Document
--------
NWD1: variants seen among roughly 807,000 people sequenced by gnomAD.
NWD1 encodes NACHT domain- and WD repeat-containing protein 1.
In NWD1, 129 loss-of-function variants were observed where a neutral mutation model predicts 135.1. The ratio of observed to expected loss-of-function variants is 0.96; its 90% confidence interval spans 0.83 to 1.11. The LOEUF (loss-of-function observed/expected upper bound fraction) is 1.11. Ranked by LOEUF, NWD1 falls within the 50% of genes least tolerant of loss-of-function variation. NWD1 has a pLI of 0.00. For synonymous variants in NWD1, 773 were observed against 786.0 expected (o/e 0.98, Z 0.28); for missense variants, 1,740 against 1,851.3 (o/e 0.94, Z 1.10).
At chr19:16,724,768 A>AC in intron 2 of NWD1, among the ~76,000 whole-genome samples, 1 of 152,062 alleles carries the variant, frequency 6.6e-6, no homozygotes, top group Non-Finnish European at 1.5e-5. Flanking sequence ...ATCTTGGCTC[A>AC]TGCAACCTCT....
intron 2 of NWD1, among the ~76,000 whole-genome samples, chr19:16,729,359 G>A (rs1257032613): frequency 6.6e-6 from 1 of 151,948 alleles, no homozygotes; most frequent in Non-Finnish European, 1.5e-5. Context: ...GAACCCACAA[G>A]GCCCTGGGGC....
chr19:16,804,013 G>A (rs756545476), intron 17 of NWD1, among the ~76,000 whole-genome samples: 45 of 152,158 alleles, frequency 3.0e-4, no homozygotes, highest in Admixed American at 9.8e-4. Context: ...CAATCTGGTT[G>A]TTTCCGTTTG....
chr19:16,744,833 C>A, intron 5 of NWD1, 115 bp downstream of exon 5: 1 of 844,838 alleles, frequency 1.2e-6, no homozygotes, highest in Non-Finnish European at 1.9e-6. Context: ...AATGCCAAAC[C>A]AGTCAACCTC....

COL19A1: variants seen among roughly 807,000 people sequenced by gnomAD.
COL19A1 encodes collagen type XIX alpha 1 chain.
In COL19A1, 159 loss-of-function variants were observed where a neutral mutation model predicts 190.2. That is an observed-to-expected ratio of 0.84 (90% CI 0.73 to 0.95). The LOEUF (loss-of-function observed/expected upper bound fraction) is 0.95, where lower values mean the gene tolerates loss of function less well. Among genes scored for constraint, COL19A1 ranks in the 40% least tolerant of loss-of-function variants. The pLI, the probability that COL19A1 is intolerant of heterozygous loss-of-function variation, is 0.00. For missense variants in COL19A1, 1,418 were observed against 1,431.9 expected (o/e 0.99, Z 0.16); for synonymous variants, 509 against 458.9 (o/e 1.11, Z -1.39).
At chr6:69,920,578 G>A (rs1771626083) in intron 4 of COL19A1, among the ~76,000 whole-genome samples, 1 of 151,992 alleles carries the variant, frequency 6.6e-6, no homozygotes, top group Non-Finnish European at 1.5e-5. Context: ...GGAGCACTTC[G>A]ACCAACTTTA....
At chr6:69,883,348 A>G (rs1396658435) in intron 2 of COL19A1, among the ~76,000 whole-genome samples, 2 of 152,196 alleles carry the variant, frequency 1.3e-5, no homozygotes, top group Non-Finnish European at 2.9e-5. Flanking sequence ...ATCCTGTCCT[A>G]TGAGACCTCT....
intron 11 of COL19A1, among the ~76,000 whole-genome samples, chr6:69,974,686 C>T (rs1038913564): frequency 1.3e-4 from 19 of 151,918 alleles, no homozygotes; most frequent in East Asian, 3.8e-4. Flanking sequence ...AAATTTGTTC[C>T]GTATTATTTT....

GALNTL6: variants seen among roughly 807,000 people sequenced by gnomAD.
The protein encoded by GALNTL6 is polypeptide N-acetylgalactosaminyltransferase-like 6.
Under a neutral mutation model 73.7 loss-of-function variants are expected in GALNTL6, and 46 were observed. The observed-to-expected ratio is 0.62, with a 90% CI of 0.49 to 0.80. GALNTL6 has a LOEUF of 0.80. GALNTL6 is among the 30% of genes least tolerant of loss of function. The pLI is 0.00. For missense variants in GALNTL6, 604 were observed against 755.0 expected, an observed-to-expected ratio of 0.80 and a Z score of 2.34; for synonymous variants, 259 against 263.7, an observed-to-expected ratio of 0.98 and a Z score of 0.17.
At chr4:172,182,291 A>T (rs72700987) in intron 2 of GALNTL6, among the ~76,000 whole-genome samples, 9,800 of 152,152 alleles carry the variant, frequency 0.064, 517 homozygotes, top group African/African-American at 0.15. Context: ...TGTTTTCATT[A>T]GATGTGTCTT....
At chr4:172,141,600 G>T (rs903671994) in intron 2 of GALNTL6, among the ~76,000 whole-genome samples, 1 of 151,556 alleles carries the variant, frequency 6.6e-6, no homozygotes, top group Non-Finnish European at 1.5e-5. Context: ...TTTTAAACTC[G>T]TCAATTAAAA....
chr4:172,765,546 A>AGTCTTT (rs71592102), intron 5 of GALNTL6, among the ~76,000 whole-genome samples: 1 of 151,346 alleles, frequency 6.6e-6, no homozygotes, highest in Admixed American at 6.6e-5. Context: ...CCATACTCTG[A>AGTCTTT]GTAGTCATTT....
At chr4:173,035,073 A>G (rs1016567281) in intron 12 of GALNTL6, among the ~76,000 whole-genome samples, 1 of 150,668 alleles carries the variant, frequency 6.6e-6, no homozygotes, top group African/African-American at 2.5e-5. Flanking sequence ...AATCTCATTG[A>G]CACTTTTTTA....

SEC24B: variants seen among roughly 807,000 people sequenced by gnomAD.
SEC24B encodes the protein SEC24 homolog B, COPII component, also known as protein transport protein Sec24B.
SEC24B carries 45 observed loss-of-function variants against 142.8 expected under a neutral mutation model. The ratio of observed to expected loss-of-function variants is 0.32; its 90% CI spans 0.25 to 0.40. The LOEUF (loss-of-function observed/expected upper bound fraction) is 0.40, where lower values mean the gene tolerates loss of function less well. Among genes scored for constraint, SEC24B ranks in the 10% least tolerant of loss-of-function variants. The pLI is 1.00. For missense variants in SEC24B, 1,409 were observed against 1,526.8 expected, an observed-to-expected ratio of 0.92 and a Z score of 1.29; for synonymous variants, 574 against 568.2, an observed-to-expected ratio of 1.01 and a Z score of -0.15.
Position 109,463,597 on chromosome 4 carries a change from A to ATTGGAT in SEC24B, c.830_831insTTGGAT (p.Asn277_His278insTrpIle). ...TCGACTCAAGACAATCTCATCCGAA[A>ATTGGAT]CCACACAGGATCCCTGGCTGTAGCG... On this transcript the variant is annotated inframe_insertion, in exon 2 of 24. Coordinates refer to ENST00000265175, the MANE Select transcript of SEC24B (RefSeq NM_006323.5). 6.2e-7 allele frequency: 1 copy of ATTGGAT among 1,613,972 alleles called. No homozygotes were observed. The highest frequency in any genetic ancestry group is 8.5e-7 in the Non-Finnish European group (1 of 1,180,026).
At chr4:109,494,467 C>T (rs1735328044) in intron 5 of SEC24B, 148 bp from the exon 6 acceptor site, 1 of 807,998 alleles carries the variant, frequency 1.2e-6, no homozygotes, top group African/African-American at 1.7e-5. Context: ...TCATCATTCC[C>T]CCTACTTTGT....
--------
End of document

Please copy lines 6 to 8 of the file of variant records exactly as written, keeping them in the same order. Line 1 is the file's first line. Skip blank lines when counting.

chr19:16,804,013 G>A (rs756545476), intron 17 of NWD1, among the ~76,000 whole-genome samples: 45 of 152,158 alleles, frequency 3.0e-4, no homozygotes, highest in Admixed American at 9.8e-4. Context: ...CAATCTGGTT[G>A]TTTCCGTTTG....
chr19:16,744,833 C>A, intron 5 of NWD1, 115 bp downstream of exon 5: 1 of 844,838 alleles, frequency 1.2e-6, no homozygotes, highest in Non-Finnish European at 1.9e-6. Context: ...AATGCCAAAC[C>A]AGTCAACCTC....

COL19A1: variants seen among roughly 807,000 people sequenced by gnomAD.